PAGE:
In her Master's thesis, Juliane Ahn examines how on-demand service companies are profoundly changing urban space. Based on design ethnographic analyses, she looks at new forms of algorithmic organisation, control and surveillance of work and mobility and points to precarious living and working conditions of solo self-employed workers of digital platforms. Based on this, she sketches the outlines of an emerging »city on demand«.

The increasing digitalization of the city and society is leading to fundamental changes in urban space. More and more on-demand service companies are operating in both the physical environment and the virtual sphere of the city, changing the way urban space is perceived, used and developed. The ever-increasing demand and availability of goods and services in any place and at any time determine who works in the city and how work is done, who moves through public space and in what way and which areas are accessible and to whom.

Using mapping techniques and (photo-)graphic analyses, Juliane Ahn explores how on-demand service companies appropriate urban space, how they influence it physically and virtually, and how they thereby change the perception and constitution of the city. In her work, she shows that on-demand service providers make urban space an integral part of their own corporate infrastructure, and that the experience of urban realities increasingly depends on the use of digital on-demand offerings.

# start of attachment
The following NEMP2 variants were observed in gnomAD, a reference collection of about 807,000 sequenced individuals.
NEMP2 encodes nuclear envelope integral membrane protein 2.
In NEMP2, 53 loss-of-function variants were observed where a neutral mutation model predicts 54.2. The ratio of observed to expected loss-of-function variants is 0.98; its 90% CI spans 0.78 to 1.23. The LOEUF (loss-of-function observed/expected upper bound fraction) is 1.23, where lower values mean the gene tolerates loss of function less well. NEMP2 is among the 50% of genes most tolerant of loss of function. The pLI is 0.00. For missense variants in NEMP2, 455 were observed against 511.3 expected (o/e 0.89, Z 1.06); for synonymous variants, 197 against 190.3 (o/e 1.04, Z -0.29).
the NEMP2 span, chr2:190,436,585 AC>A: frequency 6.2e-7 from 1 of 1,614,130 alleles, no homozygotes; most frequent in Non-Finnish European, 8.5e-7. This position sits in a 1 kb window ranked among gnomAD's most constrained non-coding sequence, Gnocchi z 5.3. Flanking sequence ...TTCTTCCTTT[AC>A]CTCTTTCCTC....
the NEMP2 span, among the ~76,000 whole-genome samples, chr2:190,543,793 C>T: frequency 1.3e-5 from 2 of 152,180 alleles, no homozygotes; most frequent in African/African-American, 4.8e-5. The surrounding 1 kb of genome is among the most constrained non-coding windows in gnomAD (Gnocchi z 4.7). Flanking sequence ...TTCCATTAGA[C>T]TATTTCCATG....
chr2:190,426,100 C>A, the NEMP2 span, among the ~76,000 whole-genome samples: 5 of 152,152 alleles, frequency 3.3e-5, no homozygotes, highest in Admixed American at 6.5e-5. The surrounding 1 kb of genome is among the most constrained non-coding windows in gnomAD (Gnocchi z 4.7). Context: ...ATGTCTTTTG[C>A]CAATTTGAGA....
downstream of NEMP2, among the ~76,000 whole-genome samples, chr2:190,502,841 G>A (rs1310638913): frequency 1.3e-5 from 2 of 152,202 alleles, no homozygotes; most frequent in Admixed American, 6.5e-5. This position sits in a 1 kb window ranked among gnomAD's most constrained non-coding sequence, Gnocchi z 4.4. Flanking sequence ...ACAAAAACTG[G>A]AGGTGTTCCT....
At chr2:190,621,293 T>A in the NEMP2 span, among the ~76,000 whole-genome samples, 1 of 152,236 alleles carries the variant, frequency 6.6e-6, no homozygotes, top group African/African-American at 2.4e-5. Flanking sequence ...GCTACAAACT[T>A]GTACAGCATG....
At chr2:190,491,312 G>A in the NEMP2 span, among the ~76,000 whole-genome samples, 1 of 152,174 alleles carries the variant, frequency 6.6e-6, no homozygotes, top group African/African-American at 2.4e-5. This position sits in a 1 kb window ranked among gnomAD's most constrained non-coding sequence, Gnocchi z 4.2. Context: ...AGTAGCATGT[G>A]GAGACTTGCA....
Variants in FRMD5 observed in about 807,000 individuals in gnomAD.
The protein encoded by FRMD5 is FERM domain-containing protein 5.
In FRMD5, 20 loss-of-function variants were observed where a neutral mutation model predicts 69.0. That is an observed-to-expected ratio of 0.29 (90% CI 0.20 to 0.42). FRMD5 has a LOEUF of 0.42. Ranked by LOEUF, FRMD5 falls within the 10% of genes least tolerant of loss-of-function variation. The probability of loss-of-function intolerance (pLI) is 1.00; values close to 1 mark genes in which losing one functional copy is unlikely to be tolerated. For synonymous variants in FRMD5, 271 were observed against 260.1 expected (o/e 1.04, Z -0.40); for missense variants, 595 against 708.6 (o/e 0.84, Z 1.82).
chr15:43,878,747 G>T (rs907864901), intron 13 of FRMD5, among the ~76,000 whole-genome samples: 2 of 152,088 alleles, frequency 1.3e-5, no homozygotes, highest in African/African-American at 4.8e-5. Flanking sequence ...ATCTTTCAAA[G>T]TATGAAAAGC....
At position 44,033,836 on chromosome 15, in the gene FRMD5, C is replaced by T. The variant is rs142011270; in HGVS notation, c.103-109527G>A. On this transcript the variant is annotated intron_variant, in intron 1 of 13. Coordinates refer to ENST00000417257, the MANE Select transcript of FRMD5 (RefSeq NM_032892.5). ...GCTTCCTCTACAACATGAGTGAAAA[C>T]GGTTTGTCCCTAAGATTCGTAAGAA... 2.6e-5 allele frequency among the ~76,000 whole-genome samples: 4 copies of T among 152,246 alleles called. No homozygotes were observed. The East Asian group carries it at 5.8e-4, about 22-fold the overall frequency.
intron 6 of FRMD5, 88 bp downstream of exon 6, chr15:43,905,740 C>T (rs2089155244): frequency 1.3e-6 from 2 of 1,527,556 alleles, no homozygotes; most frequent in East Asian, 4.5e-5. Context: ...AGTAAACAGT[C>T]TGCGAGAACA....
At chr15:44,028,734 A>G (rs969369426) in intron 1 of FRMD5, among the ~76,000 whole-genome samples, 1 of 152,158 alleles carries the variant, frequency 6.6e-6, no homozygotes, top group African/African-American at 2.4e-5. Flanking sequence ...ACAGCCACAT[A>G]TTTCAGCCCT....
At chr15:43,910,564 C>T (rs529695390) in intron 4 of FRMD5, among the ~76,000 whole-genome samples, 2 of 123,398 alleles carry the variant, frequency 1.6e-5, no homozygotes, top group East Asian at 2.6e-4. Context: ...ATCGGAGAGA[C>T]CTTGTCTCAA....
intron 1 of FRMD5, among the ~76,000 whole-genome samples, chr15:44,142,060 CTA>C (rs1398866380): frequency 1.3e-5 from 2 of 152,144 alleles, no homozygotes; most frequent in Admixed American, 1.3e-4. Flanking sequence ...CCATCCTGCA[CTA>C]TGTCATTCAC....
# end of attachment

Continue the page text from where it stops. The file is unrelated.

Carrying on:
Accessibility to on-demand services and offerings are limited. Only those who have the necessary hardware and software as well as sufficient financial means can make use of e-scooters or delivery services. At the same time, companies are making great use of public space and transforming it into an exclusive delivery and distribution zone. Public space is transformed into a value-creation platform and, from the service companies’ point of view, exists only as a function of the time it takes to travel through it.

The work finally culminates in the question of resistant practices against the increasing on-demandisation of the city and explores possibilities of a participatory and common good-oriented service policy for the city.

Images: Juliane Ahn |